Story location: http://archive.pressthink.org/2003/09/24/too_negative.html
When Bennett visited the USA a few weeks ago, he realized that, five months after the U.S. invasion, the Iraq he lives in doesn’t mesh with the bleak picture that friends here are getting from the media. ”I’m not saying all is hunky-dory,” Bennett says. ”But in the States, people have a misperception of what’s going on”…………. Peter Johnson, USA Today, Sep. 23
Is the reporting out of Iraq too negative? I don’t like this question. I think it’s up to no good. And the charge isn’t heard well by journalists, even though here and there you can find them saying: yes, sometimes we are too negative… but that’s news.
It’s not entirely fair to put it this way, but “too negative” is just too negative. For as bad as it is to distort the picture with too much bad news, the alternative in the journalist’s mind is worse: happy talk unto death. Press think has circuits. Circuits have switches. This one switches “journalism, too negative” into “journalists, be positive.” Do you want that?
When the complaint about negative news enters USA Today in the guise of a news story, critical mass has been reached. The national press admits into debate the possibility that petitioners have a point. Time magazine’s own reporter, Brian Bennett, confirms there’s a false portrait of chaos and violence being presented. Which is a different sign than bipartisan Congressional delegation, back from Iraq, says the coverage distorts what they saw, or when the talented and plugged-in blogger, Glen Reynolds, keeps Web pressure on for the thesis.
To anyone out there in agreement with these developments, I urge you more caution. Charging the press with distribution of too much bad news may trigger what literary critics call an “over-determined” plot. I know because I have been in one or two of these with the press. That’s when too many prior reasons coalesce over an event or interpretation, forcing it into existence, whether or not it belongs there.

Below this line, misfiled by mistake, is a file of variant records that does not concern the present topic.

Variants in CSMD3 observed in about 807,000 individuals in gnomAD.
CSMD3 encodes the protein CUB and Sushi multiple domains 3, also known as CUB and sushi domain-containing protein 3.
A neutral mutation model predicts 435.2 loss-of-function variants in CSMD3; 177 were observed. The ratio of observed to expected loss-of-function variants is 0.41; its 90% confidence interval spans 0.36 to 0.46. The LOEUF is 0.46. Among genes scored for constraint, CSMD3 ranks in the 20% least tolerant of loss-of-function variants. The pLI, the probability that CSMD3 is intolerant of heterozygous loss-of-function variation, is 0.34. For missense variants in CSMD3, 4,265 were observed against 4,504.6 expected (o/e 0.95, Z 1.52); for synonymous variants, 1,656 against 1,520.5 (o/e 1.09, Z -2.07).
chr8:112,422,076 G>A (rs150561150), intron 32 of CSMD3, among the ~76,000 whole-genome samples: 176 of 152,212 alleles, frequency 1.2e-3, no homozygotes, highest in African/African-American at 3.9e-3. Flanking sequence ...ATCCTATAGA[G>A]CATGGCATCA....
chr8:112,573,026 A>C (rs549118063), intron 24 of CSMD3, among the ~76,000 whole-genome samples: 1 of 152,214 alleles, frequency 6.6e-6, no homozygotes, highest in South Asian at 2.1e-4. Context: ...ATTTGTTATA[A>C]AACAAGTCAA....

“The portrait is too negative, it anticipates too much gone wrong, you are creating a false impression and missing good stories” is what reasonable critics of Iraq coverage hear themselves saying. But they ought to imagine their lines in the over-determined plot. There, journalists have them shouting: don’t dwell on the problems, give us more positive news, show us that things are fine, soothe and shelter us, prettify… lie if necessary. Is that what critics of the Iraq coverage mean to shout? Not at all. But it’s what they’re down for in the script.
Why journalists consult this script:
From one direction it’s the entire public relations industry, the great army of paid flacks, much larger, better paid than the press itself, and agitating nonstop for good news. These are not the forces of light. Then over another hill, there’s every nonprofit organization from the neighborhood watch to the United Way, the great volunteer army of American civil society, all thinking that their good works deserve good play—and agitating for it.
Factor into press experience the Chamber of Commerce and Rotary types, also called civic boosters. In the name of a “positive” climate for local business, they want nothing but positive news circulated. Feeling in good company yet? Now the parade of corrupt council members and greasy mayors on whom reporters have the goods, saying they’re sick and tired of all the negative news from those who just want to tear down the community. (The Angry Church of Spiro Agnew.) This week on my TV set there’s this subtle ad from Shell suggesting—good news!—the company has more environmentalists on the payroll than the Sierra Club has stamps. These things precede you.
American journalism carries by means of craft culture the memory of the Five O’clock Follies in Vietnam, where comically upbeat officials gave fake body counts. Call it the Church of David Halberstam, who was there and still talks about it. Journalism “remembers” like a tribe remembers cities in the American South that wanted bad news about race relations suppressed. (The Church of Taylor Branch?) In the recessed mind of the press, these shadows fall over the case before arguments are even presented in re: Rapidly Improving Iraq v. Overly Gloomy Press.